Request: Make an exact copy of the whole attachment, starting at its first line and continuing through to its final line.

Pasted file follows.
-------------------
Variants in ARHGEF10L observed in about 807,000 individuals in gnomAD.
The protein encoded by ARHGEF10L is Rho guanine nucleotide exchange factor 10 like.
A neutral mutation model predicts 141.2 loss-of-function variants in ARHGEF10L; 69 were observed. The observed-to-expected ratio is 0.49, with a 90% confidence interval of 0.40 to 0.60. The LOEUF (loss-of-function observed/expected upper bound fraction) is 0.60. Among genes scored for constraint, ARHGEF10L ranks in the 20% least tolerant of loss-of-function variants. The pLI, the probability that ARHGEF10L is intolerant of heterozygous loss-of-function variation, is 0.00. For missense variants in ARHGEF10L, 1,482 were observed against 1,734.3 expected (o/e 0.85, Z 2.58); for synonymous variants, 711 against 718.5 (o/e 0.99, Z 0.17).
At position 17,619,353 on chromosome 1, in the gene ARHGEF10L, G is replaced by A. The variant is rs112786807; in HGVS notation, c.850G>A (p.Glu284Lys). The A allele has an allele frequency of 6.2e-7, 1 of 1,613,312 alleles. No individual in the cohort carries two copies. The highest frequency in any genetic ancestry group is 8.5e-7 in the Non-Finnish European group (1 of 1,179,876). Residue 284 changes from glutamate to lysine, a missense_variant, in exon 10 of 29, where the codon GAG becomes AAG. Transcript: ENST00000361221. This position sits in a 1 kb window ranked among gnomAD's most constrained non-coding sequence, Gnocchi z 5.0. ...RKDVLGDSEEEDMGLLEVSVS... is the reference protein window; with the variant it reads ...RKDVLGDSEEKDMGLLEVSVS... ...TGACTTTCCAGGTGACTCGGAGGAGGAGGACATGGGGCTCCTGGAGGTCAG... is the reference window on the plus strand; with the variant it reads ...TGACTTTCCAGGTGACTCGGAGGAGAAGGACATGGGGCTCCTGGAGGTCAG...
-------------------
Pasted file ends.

Variants in ARHGEF10L observed in about 807,000 individuals in gnomAD.
The protein encoded by ARHGEF10L is Rho guanine nucleotide exchange factor 10 like.
A neutral mutation model predicts 141.2 loss-of-function variants in ARHGEF10L; 69 were observed. The observed-to-expected ratio is 0.49, with a 90% confidence interval of 0.40 to 0.60. The LOEUF (loss-of-function observed/expected upper bound fraction) is 0.60. Among genes scored for constraint, ARHGEF10L ranks in the 20% least tolerant of loss-of-function variants. The pLI, the probability that ARHGEF10L is intolerant of heterozygous loss-of-function variation, is 0.00. For missense variants in ARHGEF10L, 1,482 were observed against 1,734.3 expected (o/e 0.85, Z 2.58); for synonymous variants, 711 against 718.5 (o/e 0.99, Z 0.17).
At position 17,619,353 on chromosome 1, in the gene ARHGEF10L, G is replaced by A. The variant is rs112786807; in HGVS notation, c.850G>A (p.Glu284Lys). The A allele has an allele frequency of 6.2e-7, 1 of 1,613,312 alleles. No individual in the cohort carries two copies. The highest frequency in any genetic ancestry group is 8.5e-7 in the Non-Finnish European group (1 of 1,179,876). Residue 284 changes from glutamate to lysine, a missense_variant, in exon 10 of 29, where the codon GAG becomes AAG. Transcript: ENST00000361221. This position sits in a 1 kb window ranked among gnomAD's most constrained non-coding sequence, Gnocchi z 5.0. ...RKDVLGDSEEEDMGLLEVSVS... is the reference protein window; with the variant it reads ...RKDVLGDSEEKDMGLLEVSVS... ...TGACTTTCCAGGTGACTCGGAGGAGGAGGACATGGGGCTCCTGGAGGTCAG... is the reference window on the plus strand; with the variant it reads ...TGACTTTCCAGGTGACTCGGAGGAGAAGGACATGGGGCTCCTGGAGGTCAG...